Eventually, her marriage broke up. “It wasn’t my husband’s family—it was my family I was caring for,” she said. “That’s something to consider when you’re in a relationship and you become a caregiver.”

Check out the National Family Caregivers Association for useful information on managing caregiving and your life at

Don’t Lose Perspective—Reach Out

  • To caregiving resources so you can alleviate stress and gain valuable insight and support
  • To friends who can help you feel refreshed and connected to the world around you
  • To new ideas and possibilities for making caregiving less overwhelming
  • To opportunities for making new friends
  • Reach out and learn from other caregivers.  This website features caregivers asking questions and helping each other.

Modifying Your Home

If you live with the people you are caring for, you may have to modify your home to fit their health and mobility needs.

Adampoulos built an apartment in her garage with an oversized bath so the space could accommodate her mother.  She converted her dining room into a hospital room with a hospital bed and oxygen for her uncle. Insurance covered some costs but not all. Check with your loved ones’ insurance provider for more information about coverage for home health materials.

Time Out from Caregiving

Many people find that they need to hire an individual or a community resource to come in and give the caregiver relief, Adampoulos engaged a woman to help with household projects, and the same person provided relief so she could keep up with some outside commitments. A change occurred when her mother’s doctor suggested the family talk with a social worker. “That person guided me to the National Center on Caregiving’s Family Caregiver Alliance in San Francisco and that changed my life.”

She participated in 13 free one-one-therapy sessions for caregiving support and also attended the organization’s “Caregiver’s Boot Camp.” Caregiving support groups can teach you:

  •  How to slow down and stop trying so hard to be “everything to everyone.”
  •  How to take good care of yourself
  •  How to set limits and ask for help
  •  How to overcome feeling anxious, scared, overwhelmed and feeling all alone.

The AARP provides information about finding caregiving support.

Follow a Plan of Care

If your loved one is in the hospital, you’ll benefit from putting your caregiver’s hat on right away by being present for all discussions about discharge and follow-up care. The Centers for Medicare and Medicaid Services also has planning practices in place at hospitals to help families when a loved one is being discharged.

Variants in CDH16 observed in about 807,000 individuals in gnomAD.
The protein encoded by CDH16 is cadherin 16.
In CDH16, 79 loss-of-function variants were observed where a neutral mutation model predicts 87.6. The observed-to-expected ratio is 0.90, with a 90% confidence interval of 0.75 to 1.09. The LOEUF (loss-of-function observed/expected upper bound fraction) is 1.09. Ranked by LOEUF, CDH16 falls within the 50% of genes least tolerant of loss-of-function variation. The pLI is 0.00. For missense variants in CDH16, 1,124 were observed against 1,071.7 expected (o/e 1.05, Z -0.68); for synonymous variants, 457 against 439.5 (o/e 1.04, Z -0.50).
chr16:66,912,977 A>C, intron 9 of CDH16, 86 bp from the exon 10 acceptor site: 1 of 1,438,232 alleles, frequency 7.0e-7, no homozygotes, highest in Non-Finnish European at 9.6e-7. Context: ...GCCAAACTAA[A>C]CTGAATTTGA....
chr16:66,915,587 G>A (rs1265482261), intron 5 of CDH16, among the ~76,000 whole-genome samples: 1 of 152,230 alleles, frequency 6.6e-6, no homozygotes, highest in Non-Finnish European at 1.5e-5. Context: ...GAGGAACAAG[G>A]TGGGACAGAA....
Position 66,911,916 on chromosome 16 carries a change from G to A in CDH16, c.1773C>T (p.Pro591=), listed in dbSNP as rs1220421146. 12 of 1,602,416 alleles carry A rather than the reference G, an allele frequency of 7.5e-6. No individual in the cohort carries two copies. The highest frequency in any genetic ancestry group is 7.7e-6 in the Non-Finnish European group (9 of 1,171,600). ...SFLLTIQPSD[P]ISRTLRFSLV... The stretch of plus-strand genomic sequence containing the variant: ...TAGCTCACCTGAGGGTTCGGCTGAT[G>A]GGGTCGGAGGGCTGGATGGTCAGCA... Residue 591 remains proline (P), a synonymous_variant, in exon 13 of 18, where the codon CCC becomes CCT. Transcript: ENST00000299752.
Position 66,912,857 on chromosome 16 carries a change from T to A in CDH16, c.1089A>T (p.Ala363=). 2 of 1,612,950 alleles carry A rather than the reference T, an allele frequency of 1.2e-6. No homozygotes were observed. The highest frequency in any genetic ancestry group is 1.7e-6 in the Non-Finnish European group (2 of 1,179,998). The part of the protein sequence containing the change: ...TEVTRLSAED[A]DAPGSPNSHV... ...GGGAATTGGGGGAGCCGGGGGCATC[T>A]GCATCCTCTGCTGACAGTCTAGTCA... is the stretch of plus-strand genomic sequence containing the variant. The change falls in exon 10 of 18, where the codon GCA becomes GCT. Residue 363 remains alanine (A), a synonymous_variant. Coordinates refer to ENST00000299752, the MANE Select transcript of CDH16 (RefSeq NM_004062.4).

Hunt explained, “Before the patient is discharged, the hospital has to very clear with the patient’s caregiver about the patient’s plan of care.” Several issues like medications, follow-up appointments and transportation.  If a patient can’t get to their appointments, they won’t be able to keep up with the intended plan of care.”

Even though caregivers implement many family planning decisions, it’s not uncommon for physicians to just talk to the patient about key issues.

Hunt said, “Family caregivers are often excluded from the conversation, but they absolutely need to be included. They are on the front line of what is expected at home.”

A Balanced Life

How do you take better care of yourself while caregiving?

  • Balance the demands of caregiving with reading, exercise and taking breaks.
  • Set a timer for blocks of time like 30-minute intervals to read, take a walk, journal, and poke around your garden or sit on the porch and do nothing.
  • Go easy on overindulging in food or Internet shopping and stay socially engaged. Clohan said, “Don’t cut yourself off from social activities. Perhaps the best skill a caregiver can learn is how to let friends help you. When someone says they wish they could help, be specific. Tell them you need to run an errand and would like them to come by and stay with your loved one for a short time.”
  • Maintain a healthy lifestyle. Regular trips to the gym can be unrealistic during a home vigil, but Clohan suggested this. “Exercise in small bits because it adds up. Put on music, grab a soup can in each hand, dance around to get your heart rate up and have a bit of fun.”
  • Tell friends when you’re available for a chat. “Put your phone number in your notes and make specific suggestions,” said Clohan. “You might say the nights are quiet now that your loved one rests so much and you’d love to chat if they could call you after 8 p.m. It’s amazing how simple, specific suggestions can help keep personal communications going.”

Original post by the Center for Advancing Health. Updated by the GW Cancer Institute January 2016.